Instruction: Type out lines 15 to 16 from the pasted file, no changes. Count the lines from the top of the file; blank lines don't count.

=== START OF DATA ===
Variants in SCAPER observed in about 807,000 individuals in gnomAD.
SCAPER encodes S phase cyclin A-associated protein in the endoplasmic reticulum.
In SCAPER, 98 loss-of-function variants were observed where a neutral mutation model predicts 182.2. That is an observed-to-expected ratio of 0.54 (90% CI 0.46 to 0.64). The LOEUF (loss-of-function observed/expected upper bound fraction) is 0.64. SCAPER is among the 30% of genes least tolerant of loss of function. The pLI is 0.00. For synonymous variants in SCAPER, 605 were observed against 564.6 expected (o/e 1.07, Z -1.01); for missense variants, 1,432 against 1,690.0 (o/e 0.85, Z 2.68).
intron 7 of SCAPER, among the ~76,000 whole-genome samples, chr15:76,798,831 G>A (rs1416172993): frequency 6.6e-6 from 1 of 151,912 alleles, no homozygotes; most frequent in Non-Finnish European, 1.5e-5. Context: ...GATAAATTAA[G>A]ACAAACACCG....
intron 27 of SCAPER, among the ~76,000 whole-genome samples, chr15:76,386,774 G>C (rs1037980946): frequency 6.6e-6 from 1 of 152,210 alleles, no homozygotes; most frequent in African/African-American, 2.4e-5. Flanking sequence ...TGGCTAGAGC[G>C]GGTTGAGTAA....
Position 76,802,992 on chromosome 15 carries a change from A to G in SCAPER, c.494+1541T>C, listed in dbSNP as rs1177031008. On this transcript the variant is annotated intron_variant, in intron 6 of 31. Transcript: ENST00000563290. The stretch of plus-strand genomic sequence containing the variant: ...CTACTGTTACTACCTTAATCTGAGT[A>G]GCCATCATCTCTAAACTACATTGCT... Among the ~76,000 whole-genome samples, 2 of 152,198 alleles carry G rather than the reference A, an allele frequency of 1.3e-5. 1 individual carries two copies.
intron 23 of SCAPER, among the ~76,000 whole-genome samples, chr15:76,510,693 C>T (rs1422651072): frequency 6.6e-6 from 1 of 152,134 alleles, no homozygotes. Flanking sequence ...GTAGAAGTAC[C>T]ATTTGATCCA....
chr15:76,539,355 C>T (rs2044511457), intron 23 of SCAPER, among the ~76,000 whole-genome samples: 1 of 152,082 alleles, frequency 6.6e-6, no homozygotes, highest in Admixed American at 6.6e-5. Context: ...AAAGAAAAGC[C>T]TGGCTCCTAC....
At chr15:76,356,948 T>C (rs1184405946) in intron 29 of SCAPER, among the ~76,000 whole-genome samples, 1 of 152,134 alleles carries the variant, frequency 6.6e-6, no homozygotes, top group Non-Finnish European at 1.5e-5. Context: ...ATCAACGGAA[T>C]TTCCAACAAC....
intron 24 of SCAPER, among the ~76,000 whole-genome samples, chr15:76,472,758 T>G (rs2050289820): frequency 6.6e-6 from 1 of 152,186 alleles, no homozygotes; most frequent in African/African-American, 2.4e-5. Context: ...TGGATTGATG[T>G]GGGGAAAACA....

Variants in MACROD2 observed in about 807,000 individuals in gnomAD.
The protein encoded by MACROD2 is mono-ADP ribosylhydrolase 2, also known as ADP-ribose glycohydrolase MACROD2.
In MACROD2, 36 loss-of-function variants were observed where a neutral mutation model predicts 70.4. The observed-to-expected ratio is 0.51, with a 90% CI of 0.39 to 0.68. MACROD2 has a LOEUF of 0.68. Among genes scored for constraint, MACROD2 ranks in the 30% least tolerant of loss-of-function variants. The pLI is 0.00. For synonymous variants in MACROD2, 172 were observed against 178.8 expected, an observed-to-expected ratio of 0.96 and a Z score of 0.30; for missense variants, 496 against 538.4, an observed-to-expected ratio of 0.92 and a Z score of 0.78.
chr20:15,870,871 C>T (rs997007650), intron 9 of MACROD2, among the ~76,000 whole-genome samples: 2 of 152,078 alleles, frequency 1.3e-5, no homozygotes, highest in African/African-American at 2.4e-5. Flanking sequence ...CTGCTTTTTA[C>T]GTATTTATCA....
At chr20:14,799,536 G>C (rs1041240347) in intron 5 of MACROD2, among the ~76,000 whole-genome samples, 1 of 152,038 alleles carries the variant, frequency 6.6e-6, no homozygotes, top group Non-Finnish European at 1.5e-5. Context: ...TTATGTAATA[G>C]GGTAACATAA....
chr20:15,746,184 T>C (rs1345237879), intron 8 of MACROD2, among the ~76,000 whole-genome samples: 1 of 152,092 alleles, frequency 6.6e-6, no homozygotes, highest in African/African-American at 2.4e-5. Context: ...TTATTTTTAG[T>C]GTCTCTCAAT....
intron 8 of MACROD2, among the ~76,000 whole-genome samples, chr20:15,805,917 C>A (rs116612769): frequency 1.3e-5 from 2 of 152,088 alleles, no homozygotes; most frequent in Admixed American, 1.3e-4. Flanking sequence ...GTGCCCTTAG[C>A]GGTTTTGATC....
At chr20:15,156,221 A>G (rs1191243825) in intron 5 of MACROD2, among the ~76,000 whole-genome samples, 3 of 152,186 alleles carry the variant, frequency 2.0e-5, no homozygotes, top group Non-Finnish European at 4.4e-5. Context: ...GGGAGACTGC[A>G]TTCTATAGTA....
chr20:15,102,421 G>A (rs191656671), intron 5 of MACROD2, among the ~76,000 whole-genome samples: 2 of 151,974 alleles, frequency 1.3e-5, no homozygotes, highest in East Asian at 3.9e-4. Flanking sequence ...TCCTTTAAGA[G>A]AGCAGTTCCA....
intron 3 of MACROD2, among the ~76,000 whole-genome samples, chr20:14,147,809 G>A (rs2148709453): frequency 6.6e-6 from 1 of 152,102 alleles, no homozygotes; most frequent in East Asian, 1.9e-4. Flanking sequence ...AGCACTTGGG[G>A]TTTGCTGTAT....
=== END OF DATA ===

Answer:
At chr20:14,799,536 G>C (rs1041240347) in intron 5 of MACROD2, among the ~76,000 whole-genome samples, 1 of 152,038 alleles carries the variant, frequency 6.6e-6, no homozygotes, top group Non-Finnish European at 1.5e-5. Context: ...TTATGTAATA[G>C]GGTAACATAA....
chr20:15,746,184 T>C (rs1345237879), intron 8 of MACROD2, among the ~76,000 whole-genome samples: 1 of 152,092 alleles, frequency 6.6e-6, no homozygotes, highest in African/African-American at 2.4e-5. Context: ...TTATTTTTAG[T>C]GTCTCTCAAT....